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Tom Brokaw

Most famous for having anchored NBC’s “Nightly News” broadcast from 1982 until 2004, Tom Brokaw covered some of the world’s biggest news stories, including the fall of the Berlin Wall and the September 11, 2001 attacks. He hosted the number one evening news program in 1996, according to Nielsen ratings, which continued through his last broadcast on December 1, 2004.

Despite his retirement from the evening news, Brokaw continued to provide special reports on a variety of diverse topics such as literacy, affirmative action, drunk driving, corporate scandals, immigration policies, and race.

Brokaw has won numerous awards for his reporting, but is also an award-winning documentary reporter. Such documentaries include:

  • “Tom Brokaw Reports: A Question of Fairness,” (2004) which examined affirmative action via the University of Michigan controversy;
  • “To Be an American,” (1989) which examined the fabric of America and what it means to be an American; and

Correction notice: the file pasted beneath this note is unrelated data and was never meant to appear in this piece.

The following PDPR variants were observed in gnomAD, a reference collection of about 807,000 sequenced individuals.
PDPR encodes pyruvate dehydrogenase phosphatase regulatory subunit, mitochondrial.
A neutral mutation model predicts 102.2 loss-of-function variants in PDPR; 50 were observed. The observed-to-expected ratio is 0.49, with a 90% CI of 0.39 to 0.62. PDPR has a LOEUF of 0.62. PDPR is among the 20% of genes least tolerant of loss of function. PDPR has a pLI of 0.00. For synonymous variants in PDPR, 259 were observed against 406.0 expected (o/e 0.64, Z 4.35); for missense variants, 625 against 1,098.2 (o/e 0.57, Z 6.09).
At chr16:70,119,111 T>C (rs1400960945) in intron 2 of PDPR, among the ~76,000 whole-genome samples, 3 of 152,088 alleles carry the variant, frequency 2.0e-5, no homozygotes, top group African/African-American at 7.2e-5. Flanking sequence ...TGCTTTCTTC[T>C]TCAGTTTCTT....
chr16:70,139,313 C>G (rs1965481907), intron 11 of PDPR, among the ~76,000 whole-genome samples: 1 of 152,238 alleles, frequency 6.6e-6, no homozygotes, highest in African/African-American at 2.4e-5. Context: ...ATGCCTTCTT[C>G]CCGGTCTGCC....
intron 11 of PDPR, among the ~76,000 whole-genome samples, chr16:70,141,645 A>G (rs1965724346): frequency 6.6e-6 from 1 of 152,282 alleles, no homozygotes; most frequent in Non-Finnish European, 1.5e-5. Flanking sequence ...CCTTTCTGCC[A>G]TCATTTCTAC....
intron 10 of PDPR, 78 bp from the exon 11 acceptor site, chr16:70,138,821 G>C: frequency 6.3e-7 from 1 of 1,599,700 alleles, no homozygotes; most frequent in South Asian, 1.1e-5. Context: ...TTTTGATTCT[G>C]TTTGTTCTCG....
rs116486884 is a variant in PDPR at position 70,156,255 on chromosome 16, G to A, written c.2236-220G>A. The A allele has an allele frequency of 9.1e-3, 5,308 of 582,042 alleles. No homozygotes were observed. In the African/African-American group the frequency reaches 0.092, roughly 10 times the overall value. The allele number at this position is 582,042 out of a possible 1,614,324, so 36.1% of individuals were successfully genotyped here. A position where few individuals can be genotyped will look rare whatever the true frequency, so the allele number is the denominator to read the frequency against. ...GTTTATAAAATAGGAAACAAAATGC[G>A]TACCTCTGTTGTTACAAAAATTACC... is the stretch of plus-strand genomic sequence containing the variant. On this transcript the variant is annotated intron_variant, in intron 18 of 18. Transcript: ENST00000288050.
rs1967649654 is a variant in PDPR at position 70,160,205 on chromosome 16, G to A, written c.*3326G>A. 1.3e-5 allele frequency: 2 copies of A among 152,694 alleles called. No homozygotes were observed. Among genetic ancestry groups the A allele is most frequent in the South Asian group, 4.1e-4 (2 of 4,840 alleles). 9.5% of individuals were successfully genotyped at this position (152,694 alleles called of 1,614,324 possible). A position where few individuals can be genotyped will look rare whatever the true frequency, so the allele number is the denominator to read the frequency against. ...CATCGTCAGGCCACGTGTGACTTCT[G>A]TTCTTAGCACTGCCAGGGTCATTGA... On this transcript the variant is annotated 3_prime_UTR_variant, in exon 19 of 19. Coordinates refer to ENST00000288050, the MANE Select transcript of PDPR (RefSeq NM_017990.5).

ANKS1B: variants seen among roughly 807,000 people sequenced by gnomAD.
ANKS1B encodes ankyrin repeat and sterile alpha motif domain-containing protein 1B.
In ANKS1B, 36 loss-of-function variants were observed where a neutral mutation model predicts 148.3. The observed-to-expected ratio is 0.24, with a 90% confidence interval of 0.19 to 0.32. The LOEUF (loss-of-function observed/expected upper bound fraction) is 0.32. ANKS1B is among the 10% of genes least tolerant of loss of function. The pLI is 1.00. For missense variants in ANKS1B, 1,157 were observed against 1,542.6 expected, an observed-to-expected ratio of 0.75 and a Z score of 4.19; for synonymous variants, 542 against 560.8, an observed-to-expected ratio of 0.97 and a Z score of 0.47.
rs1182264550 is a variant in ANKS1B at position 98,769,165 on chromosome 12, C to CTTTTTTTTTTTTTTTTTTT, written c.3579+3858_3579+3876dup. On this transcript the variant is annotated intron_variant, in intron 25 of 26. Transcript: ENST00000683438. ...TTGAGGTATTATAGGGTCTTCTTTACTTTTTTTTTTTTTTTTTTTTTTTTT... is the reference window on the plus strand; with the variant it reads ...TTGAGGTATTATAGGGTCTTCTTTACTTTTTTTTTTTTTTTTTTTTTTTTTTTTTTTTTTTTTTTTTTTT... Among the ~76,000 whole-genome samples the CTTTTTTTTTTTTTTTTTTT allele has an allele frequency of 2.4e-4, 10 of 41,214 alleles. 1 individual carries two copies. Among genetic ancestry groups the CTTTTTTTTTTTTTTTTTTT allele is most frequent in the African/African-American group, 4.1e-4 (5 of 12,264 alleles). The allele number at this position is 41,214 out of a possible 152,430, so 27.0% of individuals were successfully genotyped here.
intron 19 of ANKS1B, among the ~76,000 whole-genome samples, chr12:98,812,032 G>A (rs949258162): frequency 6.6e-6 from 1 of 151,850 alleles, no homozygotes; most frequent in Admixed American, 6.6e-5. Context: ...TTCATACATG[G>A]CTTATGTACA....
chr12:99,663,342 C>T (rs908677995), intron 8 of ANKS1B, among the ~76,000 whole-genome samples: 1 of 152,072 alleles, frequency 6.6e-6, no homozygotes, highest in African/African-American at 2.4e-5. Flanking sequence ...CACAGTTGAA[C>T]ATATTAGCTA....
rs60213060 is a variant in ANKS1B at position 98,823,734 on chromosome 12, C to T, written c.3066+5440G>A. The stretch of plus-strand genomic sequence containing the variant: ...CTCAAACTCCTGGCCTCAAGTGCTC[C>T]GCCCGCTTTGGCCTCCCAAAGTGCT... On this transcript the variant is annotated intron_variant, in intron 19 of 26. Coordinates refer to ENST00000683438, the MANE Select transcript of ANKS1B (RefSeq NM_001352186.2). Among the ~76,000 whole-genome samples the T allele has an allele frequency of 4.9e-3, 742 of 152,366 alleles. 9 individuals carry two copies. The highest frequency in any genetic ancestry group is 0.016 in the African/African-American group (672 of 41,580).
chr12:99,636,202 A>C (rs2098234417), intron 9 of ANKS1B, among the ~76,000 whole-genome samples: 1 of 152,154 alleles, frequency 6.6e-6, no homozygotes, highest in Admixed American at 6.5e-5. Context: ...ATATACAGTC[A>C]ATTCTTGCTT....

• “America Remembers: 9/11 Air Traffic Controllers” (2003).

He is also an author whose books include

  • Boom!: Voices of the Sixties Personal Reflections on the ’60s and Today (2007),
  • A Long Way from Home: Growing Up in the American Heartland (2002), and
  • The Greatest Generation (1998).

Prior to anchoring NBC’s “Nightly News,” Brokaw was a host of the Today Show (1976-1981) and a White House correspondent (1973-1976). His career in broadcast journalism began in 1965 at KTIV in Sioux City, Iowa after completing his B.A. in political science from University of South Dakota.

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